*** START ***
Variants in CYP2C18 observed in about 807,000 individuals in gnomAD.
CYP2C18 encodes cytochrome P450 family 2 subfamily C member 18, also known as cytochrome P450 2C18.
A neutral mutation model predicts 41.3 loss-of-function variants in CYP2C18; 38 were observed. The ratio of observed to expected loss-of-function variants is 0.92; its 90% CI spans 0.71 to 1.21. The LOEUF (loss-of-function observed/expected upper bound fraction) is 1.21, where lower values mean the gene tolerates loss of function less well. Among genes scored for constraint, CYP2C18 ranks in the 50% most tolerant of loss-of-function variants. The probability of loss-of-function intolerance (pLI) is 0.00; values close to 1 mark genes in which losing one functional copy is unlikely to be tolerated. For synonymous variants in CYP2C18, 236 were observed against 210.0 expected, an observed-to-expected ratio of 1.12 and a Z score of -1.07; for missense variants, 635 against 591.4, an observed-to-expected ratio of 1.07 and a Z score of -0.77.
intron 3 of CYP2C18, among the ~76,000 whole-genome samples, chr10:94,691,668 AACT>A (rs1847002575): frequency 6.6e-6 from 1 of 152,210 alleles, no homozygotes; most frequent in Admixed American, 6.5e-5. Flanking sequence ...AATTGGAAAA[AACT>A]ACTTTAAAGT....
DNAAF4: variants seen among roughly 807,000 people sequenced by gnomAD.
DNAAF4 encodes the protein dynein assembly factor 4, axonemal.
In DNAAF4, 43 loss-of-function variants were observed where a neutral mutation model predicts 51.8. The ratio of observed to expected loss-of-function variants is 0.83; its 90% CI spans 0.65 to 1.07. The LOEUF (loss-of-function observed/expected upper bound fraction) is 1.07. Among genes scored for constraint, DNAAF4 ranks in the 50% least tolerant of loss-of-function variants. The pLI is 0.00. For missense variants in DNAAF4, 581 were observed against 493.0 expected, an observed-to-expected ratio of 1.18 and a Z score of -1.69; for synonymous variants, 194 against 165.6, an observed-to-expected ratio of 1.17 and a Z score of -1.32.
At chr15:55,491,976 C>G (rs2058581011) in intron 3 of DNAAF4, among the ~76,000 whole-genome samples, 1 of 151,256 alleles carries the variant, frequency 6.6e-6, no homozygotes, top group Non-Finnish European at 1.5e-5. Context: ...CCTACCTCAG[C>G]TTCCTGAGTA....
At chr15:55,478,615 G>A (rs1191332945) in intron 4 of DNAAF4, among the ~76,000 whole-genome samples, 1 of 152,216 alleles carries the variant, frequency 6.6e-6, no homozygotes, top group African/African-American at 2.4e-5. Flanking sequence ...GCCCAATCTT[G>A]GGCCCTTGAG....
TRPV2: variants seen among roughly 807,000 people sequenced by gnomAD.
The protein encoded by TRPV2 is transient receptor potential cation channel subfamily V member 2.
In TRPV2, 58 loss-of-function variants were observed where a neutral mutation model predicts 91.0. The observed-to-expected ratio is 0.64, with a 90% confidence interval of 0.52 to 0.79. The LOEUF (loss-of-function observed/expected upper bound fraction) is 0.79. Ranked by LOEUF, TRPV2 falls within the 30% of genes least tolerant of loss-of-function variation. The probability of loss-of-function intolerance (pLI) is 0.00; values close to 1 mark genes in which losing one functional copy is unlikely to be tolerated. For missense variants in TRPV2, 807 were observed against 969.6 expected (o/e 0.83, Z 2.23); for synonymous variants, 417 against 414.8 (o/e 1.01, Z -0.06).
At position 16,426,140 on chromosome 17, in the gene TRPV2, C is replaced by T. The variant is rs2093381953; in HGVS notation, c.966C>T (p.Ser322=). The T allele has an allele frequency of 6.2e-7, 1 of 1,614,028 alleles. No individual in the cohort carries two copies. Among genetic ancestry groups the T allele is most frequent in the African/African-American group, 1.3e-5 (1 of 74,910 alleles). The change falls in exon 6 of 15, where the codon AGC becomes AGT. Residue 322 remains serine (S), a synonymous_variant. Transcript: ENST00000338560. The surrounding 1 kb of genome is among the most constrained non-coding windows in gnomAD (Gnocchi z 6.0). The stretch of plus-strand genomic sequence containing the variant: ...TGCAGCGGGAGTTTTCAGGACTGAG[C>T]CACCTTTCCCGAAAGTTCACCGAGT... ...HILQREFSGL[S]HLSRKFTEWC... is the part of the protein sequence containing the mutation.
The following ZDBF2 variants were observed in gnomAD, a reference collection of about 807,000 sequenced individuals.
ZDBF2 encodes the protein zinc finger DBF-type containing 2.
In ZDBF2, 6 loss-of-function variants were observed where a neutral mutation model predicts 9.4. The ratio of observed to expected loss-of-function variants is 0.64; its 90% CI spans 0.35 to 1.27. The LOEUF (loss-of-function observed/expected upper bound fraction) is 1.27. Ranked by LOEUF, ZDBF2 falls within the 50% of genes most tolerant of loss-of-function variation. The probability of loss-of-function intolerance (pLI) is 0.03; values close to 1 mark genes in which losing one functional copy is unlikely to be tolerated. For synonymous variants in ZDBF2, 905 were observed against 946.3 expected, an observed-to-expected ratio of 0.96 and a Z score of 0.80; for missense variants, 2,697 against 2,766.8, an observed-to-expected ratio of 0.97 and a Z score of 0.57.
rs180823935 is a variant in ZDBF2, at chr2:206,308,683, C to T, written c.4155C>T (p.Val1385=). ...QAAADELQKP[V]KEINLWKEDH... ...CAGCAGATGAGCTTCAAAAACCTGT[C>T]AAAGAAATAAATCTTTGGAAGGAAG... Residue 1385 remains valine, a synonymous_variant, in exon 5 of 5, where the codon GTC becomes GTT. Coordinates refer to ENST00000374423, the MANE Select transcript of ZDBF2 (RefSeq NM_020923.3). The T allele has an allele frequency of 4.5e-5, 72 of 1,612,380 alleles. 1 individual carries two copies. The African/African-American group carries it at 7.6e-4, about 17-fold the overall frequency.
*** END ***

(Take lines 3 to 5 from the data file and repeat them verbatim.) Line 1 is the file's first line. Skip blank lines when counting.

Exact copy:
A neutral mutation model predicts 41.3 loss-of-function variants in CYP2C18; 38 were observed. The ratio of observed to expected loss-of-function variants is 0.92; its 90% CI spans 0.71 to 1.21. The LOEUF (loss-of-function observed/expected upper bound fraction) is 1.21, where lower values mean the gene tolerates loss of function less well. Among genes scored for constraint, CYP2C18 ranks in the 50% most tolerant of loss-of-function variants. The probability of loss-of-function intolerance (pLI) is 0.00; values close to 1 mark genes in which losing one functional copy is unlikely to be tolerated. For synonymous variants in CYP2C18, 236 were observed against 210.0 expected, an observed-to-expected ratio of 1.12 and a Z score of -1.07; for missense variants, 635 against 591.4, an observed-to-expected ratio of 1.07 and a Z score of -0.77.
intron 3 of CYP2C18, among the ~76,000 whole-genome samples, chr10:94,691,668 AACT>A (rs1847002575): frequency 6.6e-6 from 1 of 152,210 alleles, no homozygotes; most frequent in Admixed American, 6.5e-5. Flanking sequence ...AATTGGAAAA[AACT>A]ACTTTAAAGT....
DNAAF4: variants seen among roughly 807,000 people sequenced by gnomAD.